Paloma Medina finds it pretty ironic she leads workshops centered around financial well-being. Nine years ago she was constantly overdrafting her accounts, living paycheck to paycheck on her $36,000 salary, and questioning if she’d ever be able to get ahead. She remembers feeling completely overwhelmed looking at her bank account, so she avoided it. The more she didn’t think about it, the more she did. It was a vicious cycle.
Fast forward to today. After getting a Masters in Organizational Coaching from NYU and spending time at companies such as Etsy and Squarespace, she’s now leading workshops on everything from the power of positive influence to setting attainable financial goals. She teaches these workshops at her brick and mortar store (11:11) in Portland, Or., with a mission to make every person feel capable and empowered to create better days and better lives for themselves. They sell all sorts of goodies to help people organize their lives, in a way that makes sense for them.
And in her experience leading workshops and talking with her clients, she’s found that money is a common, if not the most common, thing that gets in the way of people living their best lives.
“If money is hard for someone, everything else in their life is harder,” she says. “When someone gets really good at their money, it has a cascading effect on everything else in their life.”
Here, she shares her tips for getting comfortable with the uncomfortableness of money and how our environments and language can have a positive impact on the goals we want to achieve.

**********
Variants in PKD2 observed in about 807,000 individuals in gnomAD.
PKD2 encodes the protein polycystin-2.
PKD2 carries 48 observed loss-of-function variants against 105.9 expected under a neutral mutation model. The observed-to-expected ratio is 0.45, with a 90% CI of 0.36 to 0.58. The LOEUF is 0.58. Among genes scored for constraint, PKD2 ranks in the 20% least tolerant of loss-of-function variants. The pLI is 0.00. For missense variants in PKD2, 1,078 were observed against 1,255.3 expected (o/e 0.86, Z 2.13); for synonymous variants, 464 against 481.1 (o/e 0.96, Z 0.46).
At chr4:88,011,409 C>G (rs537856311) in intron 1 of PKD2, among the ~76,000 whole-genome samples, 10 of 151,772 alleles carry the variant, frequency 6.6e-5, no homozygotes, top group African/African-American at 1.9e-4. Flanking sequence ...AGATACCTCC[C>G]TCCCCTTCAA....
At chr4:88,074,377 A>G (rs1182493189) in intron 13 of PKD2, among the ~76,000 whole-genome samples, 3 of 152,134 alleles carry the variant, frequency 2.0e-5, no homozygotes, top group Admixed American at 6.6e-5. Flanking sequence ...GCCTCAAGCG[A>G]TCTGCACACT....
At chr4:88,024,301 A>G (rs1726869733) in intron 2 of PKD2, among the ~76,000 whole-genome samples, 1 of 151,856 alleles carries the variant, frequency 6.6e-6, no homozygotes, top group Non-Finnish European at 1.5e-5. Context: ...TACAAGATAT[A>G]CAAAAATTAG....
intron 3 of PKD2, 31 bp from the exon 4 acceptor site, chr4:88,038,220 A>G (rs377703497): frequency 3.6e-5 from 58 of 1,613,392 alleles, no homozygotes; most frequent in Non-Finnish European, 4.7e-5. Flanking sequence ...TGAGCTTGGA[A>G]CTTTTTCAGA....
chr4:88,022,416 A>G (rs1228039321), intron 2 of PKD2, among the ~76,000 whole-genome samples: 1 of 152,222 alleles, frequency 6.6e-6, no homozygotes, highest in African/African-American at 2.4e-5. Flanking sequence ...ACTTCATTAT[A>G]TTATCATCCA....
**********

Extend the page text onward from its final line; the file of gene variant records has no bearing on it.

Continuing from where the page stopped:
Tip #1: De-shame the situation
The first thing Paloma talks about in any of her workshops is de-shaming whatever parts of people’s lives that aren’t the way they wish they were. Shame is a distraction that makes humans want to avoid the issue, which doesn’t help their situation. So whether you’re trying to crawl out of debt or doing your best not to overdraft your account each month, first write down how you feel about your current finances. Do you feel ashamed? Scared? Alone? Overwhelmed? Whatever the feelings, write them all down. Writing down your feelings has been shown to help dissolve the strength of the emotion (this is called affect labeling) which means you can move past it towards action.
Tip #2: Define a financial goal
Countless studies have shown that tracking goals and linking them to a bigger purpose increases motivation and success (if you want to read more about this, check out this section on 11:11’s website).
Paloma suggests taking a few minutes to really flesh out a goal and ask yourself these three questions:
- How much?
- By when will you reach this goal?
- What actions will you take?
Example: “I am going to pay off $16,000 of credit card debt by the end of 2020. Between now and then, I’m going to say no to unnecessary spending (no more shopping sprees or expensive lunches), seek out the help of a financial counselor, and put together a structured payment plan.”
It’s also really helpful to define the “why”. Ask yourself why this matters to you, and who you’ll share your goal and progress with. She recommends not waiting for the perfect path, because there isn’t one. Start with a goal and work at it by taking specific actions that will help lead to the outcome you want.
Tip #3: Create a positive environment
Turns out the people we surround ourselves with have a big influence in us achieving our goals. Brainstorm a list of people who make you feel closer to your financial goals, and also those who make you feel further away from them. A great way to think about this is whether you leave conversations with someone feeling motivated to make a change or exhausted from all the unproductive complaining.